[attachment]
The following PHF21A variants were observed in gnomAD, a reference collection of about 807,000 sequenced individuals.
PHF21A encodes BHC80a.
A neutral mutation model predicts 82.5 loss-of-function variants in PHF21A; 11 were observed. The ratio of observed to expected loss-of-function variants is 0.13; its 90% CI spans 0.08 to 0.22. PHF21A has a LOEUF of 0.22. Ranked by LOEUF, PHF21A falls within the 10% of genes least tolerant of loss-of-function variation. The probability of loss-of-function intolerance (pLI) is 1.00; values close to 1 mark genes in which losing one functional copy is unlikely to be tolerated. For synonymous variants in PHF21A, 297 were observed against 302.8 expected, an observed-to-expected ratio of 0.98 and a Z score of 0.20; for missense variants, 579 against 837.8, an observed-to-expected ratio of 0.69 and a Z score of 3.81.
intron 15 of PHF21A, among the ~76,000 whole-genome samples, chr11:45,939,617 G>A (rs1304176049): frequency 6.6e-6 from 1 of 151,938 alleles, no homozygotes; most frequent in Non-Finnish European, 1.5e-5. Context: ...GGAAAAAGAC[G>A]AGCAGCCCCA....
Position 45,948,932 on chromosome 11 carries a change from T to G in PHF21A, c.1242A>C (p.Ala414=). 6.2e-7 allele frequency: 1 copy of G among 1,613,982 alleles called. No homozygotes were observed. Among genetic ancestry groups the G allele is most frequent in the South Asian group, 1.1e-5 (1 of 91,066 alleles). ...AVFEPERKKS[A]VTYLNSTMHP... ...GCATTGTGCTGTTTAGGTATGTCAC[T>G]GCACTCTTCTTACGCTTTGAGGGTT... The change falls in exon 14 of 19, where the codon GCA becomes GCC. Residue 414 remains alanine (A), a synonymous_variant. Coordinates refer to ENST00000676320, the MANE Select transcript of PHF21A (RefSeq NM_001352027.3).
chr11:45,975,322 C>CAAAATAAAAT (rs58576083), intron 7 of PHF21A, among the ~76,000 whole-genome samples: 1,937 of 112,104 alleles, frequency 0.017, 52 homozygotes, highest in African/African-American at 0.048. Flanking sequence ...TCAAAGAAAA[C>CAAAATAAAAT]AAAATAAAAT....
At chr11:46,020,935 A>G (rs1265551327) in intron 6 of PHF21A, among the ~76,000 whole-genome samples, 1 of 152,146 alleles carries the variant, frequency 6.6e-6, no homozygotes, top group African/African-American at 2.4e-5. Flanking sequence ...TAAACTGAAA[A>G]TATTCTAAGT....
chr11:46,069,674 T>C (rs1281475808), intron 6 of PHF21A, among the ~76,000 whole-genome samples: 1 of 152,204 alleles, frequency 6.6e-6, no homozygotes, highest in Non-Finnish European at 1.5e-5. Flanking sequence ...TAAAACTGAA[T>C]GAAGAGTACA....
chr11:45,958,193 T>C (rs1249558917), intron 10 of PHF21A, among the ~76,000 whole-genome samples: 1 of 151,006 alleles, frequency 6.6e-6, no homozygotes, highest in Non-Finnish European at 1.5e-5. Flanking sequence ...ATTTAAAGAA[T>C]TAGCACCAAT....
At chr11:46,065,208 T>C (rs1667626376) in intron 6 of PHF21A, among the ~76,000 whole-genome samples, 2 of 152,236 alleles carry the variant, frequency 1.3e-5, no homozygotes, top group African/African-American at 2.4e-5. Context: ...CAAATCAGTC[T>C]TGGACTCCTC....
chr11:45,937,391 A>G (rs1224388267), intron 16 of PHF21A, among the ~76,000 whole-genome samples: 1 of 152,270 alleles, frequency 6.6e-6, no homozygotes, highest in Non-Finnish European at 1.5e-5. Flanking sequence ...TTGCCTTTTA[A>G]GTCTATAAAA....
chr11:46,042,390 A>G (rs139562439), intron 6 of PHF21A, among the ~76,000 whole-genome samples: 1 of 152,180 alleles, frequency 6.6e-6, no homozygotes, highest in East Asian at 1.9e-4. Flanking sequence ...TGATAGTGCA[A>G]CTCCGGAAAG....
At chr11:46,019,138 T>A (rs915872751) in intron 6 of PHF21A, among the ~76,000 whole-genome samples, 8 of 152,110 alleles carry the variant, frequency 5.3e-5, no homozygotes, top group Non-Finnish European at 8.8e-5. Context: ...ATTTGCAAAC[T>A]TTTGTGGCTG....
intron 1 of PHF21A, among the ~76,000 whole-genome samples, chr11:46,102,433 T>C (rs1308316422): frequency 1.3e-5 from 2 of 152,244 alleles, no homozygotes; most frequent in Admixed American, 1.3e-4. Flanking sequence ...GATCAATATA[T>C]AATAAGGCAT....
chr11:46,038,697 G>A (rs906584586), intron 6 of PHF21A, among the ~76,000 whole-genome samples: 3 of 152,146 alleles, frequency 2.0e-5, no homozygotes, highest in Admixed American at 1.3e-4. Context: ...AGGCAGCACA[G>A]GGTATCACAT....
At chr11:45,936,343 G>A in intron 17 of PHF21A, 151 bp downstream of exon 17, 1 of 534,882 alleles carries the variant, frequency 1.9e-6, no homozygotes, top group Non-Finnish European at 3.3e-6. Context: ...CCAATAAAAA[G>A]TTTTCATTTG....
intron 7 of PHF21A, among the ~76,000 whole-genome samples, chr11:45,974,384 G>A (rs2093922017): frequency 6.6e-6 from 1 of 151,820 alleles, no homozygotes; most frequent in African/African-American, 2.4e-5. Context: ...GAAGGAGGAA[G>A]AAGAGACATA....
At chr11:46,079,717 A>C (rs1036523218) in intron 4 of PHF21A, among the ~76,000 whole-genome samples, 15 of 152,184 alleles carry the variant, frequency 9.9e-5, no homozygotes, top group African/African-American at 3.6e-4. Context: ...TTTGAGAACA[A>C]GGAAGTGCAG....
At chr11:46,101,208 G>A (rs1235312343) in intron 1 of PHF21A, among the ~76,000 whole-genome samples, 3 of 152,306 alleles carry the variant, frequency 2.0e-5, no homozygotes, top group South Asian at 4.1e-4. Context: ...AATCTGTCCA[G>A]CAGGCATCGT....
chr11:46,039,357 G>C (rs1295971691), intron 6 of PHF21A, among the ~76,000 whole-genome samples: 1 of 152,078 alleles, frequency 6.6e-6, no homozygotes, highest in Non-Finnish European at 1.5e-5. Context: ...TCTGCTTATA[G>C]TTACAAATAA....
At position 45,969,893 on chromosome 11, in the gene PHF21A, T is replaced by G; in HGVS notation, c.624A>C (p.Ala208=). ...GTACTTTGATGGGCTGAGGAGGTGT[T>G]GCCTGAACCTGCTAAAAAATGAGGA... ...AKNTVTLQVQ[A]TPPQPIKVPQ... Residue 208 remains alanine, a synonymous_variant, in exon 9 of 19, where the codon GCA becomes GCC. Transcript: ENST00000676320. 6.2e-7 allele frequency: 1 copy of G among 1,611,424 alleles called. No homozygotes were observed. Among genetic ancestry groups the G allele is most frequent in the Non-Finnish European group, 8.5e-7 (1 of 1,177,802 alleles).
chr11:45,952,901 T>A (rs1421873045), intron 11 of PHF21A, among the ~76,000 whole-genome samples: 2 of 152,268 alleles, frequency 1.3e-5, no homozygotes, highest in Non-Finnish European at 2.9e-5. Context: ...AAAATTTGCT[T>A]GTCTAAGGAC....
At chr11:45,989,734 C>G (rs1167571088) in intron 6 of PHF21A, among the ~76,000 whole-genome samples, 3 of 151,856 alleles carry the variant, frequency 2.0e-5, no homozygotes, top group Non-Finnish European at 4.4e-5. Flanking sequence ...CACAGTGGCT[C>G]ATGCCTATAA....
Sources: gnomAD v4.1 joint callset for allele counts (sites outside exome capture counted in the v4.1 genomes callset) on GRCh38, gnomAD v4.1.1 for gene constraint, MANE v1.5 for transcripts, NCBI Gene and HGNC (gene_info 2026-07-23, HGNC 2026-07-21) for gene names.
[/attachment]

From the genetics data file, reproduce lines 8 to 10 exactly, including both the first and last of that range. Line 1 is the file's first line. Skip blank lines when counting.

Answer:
chr11:46,069,674 T>C (rs1281475808), intron 6 of PHF21A, among the ~76,000 whole-genome samples: 1 of 152,204 alleles, frequency 6.6e-6, no homozygotes, highest in Non-Finnish European at 1.5e-5. Flanking sequence ...TAAAACTGAA[T>C]GAAGAGTACA....
chr11:45,958,193 T>C (rs1249558917), intron 10 of PHF21A, among the ~76,000 whole-genome samples: 1 of 151,006 alleles, frequency 6.6e-6, no homozygotes, highest in Non-Finnish European at 1.5e-5. Flanking sequence ...ATTTAAAGAA[T>C]TAGCACCAAT....
At chr11:46,065,208 T>C (rs1667626376) in intron 6 of PHF21A, among the ~76,000 whole-genome samples, 2 of 152,236 alleles carry the variant, frequency 1.3e-5, no homozygotes, top group African/African-American at 2.4e-5. Context: ...CAAATCAGTC[T>C]TGGACTCCTC....